Grappling with Social Justice
I find myself wondering if “social justice” is becoming a buzzword–a trending topic. On one hand, of course it is. Everyone wants social justice, right? How can a person argue against justice, especially in a country that defines its founding upon it, in a way? On the other hand, though, talking about it and living it are two different things–especially, in my opinion, when it comes to teaching for social justice.
Christine Sleeter (California State University, Monterey Bay) wrote a compelling piece for the Journal of Language and Literacy Education titled, Deepening Social Justice Teaching. In it, she addresses the very issue I am currently struggling to understand: what, in fact, does teaching for social justice look like now? How is it changing, and how can I evolve with it in order to best meet my students and my community? I don’t want this work to look like a trend; I want it to be my past, my present, and my future.
According to Sleeter (2015), “Teaching for social justice means developing democratic activism: preparing young people to analyze and challenge forms of discrimination that they, their families, and others face, on behalf of equity for everyone.” To me, that means meeting students where they are, asking them and getting them to ask questions about their world(s), and troubling the ideologies behind those questions and answers. Then, and most importantly, acting out in response to those thoughts.
Sleeter’s words (throughout this piece) encourage me to look past talking about issues, and toward talking back at them (hooks, 1988). Teaching for social justice is not just expressing one’s anger about the injustices found in our country, but acting out against them. As a teacher, I think “all of this” has more to do with how my classes are conducted–what we read, what we write, what we do, how we interact with our communities–and less about what is in my heart as a social justice educator. I can want the best for my students. I can hope for change, but I need to be social justice–be the change (as Jones mentioned in her TSJ guest post).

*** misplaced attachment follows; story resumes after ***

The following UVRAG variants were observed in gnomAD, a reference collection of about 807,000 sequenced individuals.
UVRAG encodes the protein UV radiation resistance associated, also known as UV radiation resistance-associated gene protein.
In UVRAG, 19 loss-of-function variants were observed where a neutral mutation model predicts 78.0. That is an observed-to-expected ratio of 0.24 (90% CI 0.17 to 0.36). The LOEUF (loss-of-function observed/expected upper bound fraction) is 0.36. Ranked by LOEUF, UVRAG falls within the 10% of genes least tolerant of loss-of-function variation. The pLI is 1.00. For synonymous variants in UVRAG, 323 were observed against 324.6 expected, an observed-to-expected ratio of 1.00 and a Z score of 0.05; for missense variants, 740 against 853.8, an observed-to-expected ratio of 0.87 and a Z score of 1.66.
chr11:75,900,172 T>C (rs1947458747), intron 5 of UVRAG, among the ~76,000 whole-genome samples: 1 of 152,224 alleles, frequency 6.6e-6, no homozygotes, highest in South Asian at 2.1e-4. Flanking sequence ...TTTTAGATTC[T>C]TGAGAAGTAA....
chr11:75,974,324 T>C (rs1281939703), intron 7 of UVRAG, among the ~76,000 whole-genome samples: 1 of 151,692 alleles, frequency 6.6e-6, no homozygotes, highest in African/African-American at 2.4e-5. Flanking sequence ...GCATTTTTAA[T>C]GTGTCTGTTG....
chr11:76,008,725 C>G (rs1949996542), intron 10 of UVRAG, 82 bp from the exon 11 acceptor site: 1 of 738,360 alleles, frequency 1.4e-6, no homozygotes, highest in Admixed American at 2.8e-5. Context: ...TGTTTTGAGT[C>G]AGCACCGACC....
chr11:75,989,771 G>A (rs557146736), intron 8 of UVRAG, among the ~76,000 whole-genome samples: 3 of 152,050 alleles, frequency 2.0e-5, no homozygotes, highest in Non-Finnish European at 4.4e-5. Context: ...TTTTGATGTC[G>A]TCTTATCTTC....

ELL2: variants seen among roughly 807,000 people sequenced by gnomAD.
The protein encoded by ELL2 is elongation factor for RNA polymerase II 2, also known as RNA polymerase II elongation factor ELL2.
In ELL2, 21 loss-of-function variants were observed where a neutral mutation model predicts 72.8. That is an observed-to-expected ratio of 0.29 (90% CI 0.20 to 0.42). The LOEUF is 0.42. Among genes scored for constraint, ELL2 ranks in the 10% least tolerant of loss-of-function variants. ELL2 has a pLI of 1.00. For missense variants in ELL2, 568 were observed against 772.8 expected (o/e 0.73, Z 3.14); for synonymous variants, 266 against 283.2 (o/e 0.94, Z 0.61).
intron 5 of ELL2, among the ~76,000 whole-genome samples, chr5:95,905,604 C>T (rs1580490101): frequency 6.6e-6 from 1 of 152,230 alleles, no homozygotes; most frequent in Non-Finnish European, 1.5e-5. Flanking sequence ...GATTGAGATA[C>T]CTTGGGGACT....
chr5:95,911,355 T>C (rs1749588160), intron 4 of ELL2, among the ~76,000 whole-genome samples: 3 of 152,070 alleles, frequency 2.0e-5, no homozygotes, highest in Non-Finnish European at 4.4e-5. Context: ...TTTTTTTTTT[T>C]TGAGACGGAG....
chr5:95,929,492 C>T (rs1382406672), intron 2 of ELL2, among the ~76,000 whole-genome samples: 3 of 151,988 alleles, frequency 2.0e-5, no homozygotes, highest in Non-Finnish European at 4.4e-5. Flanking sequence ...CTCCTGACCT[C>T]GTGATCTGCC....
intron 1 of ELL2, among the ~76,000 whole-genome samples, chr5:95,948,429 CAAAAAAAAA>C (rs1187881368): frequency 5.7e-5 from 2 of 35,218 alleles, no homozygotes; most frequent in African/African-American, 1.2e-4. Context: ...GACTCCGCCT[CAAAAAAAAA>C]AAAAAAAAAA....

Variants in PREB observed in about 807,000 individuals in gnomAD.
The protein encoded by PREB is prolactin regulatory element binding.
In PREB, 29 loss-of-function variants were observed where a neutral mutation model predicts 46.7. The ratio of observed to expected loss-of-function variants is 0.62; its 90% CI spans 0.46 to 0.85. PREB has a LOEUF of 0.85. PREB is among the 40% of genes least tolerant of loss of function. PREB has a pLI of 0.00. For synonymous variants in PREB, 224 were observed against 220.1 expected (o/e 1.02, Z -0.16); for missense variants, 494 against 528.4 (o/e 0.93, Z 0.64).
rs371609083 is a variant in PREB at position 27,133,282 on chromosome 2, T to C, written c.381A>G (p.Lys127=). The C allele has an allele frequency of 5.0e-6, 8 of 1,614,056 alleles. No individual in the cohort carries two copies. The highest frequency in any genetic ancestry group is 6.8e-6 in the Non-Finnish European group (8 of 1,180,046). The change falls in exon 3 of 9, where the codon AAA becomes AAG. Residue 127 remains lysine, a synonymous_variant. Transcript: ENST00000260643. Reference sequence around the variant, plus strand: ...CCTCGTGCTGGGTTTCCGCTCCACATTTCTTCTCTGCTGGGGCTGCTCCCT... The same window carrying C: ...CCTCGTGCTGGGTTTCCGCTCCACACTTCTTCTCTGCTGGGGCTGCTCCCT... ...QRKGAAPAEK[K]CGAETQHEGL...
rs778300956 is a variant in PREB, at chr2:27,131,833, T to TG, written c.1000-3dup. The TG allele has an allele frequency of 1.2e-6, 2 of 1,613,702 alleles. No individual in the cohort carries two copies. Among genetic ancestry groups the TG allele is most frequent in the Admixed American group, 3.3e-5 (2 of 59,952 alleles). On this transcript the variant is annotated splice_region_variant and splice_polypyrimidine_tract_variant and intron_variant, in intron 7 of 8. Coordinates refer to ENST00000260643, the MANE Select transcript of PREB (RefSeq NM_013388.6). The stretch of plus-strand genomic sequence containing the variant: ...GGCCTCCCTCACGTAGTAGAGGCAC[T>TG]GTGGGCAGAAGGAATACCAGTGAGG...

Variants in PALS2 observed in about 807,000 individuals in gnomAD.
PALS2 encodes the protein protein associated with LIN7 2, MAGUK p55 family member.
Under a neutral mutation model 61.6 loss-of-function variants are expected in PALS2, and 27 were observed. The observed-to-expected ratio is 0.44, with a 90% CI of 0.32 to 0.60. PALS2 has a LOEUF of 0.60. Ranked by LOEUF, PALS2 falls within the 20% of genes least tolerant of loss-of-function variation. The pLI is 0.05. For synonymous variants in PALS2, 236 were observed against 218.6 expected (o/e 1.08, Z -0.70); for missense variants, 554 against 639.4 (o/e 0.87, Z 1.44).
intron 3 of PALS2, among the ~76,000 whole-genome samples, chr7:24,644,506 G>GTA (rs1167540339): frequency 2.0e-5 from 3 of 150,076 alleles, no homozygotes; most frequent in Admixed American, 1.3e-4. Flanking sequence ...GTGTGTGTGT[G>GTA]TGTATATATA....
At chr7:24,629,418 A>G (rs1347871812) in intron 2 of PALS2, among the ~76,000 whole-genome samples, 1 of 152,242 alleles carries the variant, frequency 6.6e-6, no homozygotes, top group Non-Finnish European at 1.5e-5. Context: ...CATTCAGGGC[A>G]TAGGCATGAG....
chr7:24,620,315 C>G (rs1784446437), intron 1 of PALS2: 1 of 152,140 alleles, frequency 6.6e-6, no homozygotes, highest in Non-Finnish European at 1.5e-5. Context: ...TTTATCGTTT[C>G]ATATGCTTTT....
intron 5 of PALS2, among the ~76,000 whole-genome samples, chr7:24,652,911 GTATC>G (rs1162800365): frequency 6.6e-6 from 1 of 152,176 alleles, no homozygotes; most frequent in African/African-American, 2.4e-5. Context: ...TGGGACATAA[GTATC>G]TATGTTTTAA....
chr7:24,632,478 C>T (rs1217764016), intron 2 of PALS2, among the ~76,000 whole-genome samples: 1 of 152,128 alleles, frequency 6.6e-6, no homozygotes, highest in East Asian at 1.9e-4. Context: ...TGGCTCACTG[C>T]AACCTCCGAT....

So, what can we do to make sure “social justice” isn’t trending, but is becoming—being—staying?
One of the best examples I’ve seen in a classroom recently is Ashley Goodrich’s students learning about how bills move through the GA legislature, applying that to a bill in the senate to give DADAmented students in-state tuition, and calling their legislators to voice their opinions.
Thank you for sharing! I’ll have to check out Ashley’s classroom!
Utilizing critical literacy is a great way to address social justice in the classroom and guide students into taking action steps. Twitter can help to facilitate the process.
Great idea! Thanks.